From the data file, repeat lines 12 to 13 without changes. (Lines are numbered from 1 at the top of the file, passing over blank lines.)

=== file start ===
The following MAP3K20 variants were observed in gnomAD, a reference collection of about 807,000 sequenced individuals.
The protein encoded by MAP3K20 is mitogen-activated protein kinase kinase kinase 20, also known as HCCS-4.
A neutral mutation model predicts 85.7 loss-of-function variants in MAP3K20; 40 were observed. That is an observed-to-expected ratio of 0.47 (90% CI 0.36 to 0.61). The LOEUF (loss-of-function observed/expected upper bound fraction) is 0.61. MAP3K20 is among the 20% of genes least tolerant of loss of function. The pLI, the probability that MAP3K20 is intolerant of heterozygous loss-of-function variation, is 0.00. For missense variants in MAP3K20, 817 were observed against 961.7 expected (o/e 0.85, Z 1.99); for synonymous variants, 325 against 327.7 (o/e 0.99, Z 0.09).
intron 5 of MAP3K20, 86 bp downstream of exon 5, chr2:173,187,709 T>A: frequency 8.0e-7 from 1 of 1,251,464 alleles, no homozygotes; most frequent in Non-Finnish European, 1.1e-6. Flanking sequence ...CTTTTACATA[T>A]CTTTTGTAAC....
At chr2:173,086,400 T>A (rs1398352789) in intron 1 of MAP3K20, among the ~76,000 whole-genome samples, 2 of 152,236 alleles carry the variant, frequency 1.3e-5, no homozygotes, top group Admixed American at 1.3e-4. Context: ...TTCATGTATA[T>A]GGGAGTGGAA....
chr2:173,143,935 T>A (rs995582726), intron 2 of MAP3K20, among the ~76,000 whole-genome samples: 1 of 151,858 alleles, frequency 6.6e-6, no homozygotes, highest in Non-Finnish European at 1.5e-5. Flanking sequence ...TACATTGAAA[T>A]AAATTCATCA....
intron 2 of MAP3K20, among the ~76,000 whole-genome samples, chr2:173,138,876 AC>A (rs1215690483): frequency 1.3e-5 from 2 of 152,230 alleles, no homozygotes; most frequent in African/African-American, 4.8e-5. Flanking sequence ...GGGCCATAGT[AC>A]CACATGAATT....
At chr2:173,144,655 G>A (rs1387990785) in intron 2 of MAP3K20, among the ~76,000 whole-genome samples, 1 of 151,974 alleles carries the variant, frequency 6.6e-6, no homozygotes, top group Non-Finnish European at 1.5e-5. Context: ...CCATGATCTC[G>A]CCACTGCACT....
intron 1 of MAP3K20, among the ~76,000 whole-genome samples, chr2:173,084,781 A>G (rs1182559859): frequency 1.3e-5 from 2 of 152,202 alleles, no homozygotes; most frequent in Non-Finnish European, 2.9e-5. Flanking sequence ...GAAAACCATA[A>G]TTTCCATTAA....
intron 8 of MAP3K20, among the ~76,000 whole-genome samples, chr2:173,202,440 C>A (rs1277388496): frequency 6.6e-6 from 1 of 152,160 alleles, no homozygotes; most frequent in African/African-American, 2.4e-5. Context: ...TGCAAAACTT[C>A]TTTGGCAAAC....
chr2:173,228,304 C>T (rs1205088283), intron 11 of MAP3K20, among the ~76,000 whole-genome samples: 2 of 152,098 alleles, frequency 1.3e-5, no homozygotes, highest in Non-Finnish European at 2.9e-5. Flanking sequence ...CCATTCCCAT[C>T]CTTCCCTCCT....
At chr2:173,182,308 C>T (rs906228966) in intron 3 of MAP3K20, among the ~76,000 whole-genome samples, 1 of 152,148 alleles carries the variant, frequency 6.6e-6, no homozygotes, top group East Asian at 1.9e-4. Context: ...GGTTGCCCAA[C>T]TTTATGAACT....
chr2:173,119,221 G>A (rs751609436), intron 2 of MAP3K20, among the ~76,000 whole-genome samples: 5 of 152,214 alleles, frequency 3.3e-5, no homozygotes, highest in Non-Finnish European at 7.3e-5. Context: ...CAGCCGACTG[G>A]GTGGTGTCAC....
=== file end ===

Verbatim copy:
At chr2:173,182,308 C>T (rs906228966) in intron 3 of MAP3K20, among the ~76,000 whole-genome samples, 1 of 152,148 alleles carries the variant, frequency 6.6e-6, no homozygotes, top group East Asian at 1.9e-4. Context: ...GGTTGCCCAA[C>T]TTTATGAACT....
chr2:173,119,221 G>A (rs751609436), intron 2 of MAP3K20, among the ~76,000 whole-genome samples: 5 of 152,214 alleles, frequency 3.3e-5, no homozygotes, highest in Non-Finnish European at 7.3e-5. Context: ...CAGCCGACTG[G>A]GTGGTGTCAC....